How United fans are preserving the Babes’ legacy
Two years ago, the 60th anniversary of the Munich Air Disaster drew the biggest ever gathering of Manchester United supporters to the site of the tragedy in Trudering, underlining just how vividly the Busby Babes remain alive in the hearts and minds of our fan base.
The ceremony at Manchesterplatz that year was organised and led by the Manchester Munich Memorial Foundation, a not-for-profit company set up by longstanding Reds. Their aim? Simply to preserve the Babes’ legacy for future generations, while raising money to help charities in Manchester, Munich and Belgrade.
“We’re just a group of diehard United fans,” explains chairman Pat Burns.
“We wanted to do something really special for the 60th anniversary, because we know that in another 10 years we might not be here.
“From that, we decided to do something; to build a legacy to hand on to future generations. Because, for us, United and the Babes go hand in glove. They’re part of our DNA. They’re the reason why virtually every fan I know supports United. It’s the story we were brought up on.”
For this year’s 62nd anniversary, MMMF representatives travelled to Belgrade to present a brass plaque to the Majestic Hotel – where the Babes spent their final night – to go on permanent display in the hotel’s foyer.
The delegation then headed to Munich, where around 100-200 Reds were expected to attend the MMMF-led ceremony and watch the foundation stone for a new memorabilia showcase being laid, ahead of a two minutes’ silence and the traditional singing of The Flowers of Manchester.
But the group’s primary concern is the future. The foundation has applied for charity status and wants to spread awareness of their work.
“We raise money simply from asking United fans to support us,” says Burns.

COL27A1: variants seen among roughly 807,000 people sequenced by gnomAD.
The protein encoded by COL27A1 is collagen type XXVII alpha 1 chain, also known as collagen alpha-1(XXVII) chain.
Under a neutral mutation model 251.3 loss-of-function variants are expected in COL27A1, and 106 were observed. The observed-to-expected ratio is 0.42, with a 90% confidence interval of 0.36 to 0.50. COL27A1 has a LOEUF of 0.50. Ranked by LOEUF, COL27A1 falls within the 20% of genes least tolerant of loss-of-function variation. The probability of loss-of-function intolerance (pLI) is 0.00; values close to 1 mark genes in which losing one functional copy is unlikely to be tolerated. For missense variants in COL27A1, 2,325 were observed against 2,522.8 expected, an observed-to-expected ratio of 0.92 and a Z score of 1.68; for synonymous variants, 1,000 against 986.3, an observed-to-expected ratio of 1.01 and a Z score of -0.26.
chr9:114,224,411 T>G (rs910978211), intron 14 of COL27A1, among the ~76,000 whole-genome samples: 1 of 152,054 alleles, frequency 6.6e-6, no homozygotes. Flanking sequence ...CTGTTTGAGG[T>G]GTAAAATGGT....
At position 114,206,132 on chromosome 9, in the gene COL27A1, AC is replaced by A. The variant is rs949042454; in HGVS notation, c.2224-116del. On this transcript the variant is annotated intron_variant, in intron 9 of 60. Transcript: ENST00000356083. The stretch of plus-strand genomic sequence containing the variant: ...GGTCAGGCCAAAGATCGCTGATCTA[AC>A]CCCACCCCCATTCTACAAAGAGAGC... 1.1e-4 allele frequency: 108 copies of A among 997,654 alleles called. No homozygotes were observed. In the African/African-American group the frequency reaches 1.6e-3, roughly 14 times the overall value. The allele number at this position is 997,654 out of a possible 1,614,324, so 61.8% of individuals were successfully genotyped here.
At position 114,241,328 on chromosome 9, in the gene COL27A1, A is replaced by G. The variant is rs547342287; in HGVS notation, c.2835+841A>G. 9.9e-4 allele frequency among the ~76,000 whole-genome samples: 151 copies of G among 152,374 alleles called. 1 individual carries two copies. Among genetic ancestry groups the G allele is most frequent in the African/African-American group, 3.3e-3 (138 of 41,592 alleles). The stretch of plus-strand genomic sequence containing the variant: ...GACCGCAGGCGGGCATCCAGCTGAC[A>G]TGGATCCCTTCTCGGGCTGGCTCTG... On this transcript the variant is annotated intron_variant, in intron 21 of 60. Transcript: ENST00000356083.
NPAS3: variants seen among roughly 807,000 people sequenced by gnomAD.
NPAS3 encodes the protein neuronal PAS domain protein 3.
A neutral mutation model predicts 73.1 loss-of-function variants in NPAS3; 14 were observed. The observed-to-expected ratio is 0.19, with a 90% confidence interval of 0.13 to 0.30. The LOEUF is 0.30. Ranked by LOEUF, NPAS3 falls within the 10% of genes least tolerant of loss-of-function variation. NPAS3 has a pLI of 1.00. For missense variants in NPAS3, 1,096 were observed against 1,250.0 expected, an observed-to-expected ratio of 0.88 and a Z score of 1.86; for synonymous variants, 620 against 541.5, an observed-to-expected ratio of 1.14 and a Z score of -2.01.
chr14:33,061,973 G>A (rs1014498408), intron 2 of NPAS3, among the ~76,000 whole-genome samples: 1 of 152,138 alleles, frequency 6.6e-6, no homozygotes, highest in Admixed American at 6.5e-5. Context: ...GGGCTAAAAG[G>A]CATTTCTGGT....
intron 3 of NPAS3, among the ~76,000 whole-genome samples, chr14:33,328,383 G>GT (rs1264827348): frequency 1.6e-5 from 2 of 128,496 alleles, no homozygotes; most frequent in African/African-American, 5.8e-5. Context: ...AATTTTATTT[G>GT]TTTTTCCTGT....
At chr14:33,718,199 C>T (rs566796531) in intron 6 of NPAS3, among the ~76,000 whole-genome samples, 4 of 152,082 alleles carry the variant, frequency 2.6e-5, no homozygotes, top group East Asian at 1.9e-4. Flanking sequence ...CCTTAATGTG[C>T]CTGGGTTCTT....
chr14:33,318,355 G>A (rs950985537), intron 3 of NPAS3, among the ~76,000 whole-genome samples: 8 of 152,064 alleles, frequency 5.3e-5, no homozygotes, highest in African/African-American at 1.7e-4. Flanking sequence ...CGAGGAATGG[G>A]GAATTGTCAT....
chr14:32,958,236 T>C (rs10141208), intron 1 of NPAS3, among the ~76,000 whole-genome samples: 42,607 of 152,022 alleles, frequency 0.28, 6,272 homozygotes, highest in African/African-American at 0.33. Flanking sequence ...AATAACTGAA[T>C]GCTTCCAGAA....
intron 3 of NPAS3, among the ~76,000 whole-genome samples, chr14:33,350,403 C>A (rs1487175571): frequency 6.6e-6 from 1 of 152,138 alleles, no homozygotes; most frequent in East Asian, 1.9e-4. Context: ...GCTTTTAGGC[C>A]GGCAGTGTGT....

“We run an annual JustGiving appeal in January and February, raise money on the away-day coaches, and run an annual dinner.
“The support for the last dinner was amazing. We had 170 people and raised over £9,000, which is brilliant. We had Lou Macari, Arthur Albiston, Paddy Crerand, plus Harry Gregg’s daughter and Jimmy Murphy’s son – who are going to be our patrons. That’s how close-knit we want it. This whole thing is built around the Babes, the Babes’ families and United fans.”
So far, money has gone to the Depaul charity in Manchester — which helps homeless young people – and football charities in both Munich and Belgrade. The work in Serbia was undertaken at the personal behest of Harry Gregg.
“It’s great if you’re a United supporter,” enthuses Burns.
“It’s even better if you know our history, where we came from, and what a pioneer Matt Busby was.
“So go to our website – see what we do to preserve that legacy. It’s part of your family; it’s part of the United family. If you like it, if you’ve got a passion for this, we are looking for the people who might follow us, who might be in their teens, twenties and thirties. We would happily talk to anybody that would like to get involved.
“Personally, I would love every United fan to know about us and for those who can to show a little bit of support. So get in touch, come to one of our dinners, donate to our JustGiving appeal. But, more importantly, learn about us and share your thoughts and ideas.”
For more information, visit: mmmf.munich58.co.uk